Orin has posted several interesting Miers pieces this week--I think the Novak column he mentioned is especially insightful. Here's a few things that I didn't notice my colleagues mention this week, especially on the politics of the Miers confirmation, that I found informative and stimulating.
Steven Teles has an interesting post on Mark Kleiman from earlier this week where he argues that the "Miers flap" among conservatives is an internal battle between the "nonelectoral intellectual" wing of the conservative movement versus the "electoral" grassroots wing. He writes:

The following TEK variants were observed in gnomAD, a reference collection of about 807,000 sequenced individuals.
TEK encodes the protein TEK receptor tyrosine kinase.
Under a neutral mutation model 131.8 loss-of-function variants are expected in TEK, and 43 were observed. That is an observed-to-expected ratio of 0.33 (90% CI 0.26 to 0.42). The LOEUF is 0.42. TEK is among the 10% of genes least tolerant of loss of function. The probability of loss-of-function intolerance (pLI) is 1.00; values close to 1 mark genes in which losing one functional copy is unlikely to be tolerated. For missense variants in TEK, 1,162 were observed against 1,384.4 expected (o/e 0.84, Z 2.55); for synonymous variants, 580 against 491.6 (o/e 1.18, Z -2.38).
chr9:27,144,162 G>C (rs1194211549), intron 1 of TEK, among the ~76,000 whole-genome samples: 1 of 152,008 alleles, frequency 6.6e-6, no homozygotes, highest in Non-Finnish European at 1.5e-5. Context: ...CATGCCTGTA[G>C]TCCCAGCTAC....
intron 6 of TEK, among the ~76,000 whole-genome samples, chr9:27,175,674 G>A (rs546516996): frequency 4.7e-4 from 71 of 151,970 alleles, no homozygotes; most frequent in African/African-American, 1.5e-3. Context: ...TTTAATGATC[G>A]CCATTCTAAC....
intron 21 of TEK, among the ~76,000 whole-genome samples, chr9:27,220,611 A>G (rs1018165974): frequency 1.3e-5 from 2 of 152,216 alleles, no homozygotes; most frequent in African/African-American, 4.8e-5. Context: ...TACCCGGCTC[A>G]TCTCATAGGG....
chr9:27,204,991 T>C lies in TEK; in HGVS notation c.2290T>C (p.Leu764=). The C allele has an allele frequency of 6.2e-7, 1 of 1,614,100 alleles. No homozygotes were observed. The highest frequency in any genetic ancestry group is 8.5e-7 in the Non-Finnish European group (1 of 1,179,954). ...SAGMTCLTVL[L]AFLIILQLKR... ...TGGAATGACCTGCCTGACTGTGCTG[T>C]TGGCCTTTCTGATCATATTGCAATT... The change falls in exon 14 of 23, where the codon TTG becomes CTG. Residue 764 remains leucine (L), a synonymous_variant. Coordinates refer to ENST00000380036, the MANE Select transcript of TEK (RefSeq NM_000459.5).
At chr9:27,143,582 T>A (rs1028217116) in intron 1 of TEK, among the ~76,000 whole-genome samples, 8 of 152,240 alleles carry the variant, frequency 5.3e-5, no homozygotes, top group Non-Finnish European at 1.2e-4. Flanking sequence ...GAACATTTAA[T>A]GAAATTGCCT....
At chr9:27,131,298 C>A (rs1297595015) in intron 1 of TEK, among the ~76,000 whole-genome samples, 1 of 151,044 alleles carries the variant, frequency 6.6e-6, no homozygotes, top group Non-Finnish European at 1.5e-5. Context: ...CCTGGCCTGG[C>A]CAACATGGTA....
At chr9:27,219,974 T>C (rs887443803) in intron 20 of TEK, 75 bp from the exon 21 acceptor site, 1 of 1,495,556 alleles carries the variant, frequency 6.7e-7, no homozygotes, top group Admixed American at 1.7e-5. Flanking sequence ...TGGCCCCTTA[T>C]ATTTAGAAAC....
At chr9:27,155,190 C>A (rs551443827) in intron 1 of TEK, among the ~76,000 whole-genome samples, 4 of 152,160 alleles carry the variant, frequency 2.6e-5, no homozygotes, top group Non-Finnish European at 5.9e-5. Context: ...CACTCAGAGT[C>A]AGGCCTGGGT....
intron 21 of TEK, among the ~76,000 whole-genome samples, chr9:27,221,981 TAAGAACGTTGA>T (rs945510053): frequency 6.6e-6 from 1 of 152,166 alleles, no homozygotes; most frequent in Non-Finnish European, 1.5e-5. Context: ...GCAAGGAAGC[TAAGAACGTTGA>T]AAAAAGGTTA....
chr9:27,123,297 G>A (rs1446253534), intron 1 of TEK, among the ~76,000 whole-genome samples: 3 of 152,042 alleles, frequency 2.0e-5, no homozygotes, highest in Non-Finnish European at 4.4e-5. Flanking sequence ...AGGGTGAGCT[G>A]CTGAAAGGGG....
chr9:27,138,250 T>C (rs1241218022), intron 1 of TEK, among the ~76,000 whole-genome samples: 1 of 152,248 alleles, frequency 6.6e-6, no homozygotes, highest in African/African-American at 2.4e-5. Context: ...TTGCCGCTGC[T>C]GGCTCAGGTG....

So today each party has two wings--an electoral wing, which tends to be more populist and rests on a larger mobilized base, and a non-electoral wing, which tends to be elitist and defines itself more by intellectual principles. Each of these wings has substantial coordination within itself, and some degree of "coupling" to the other wing.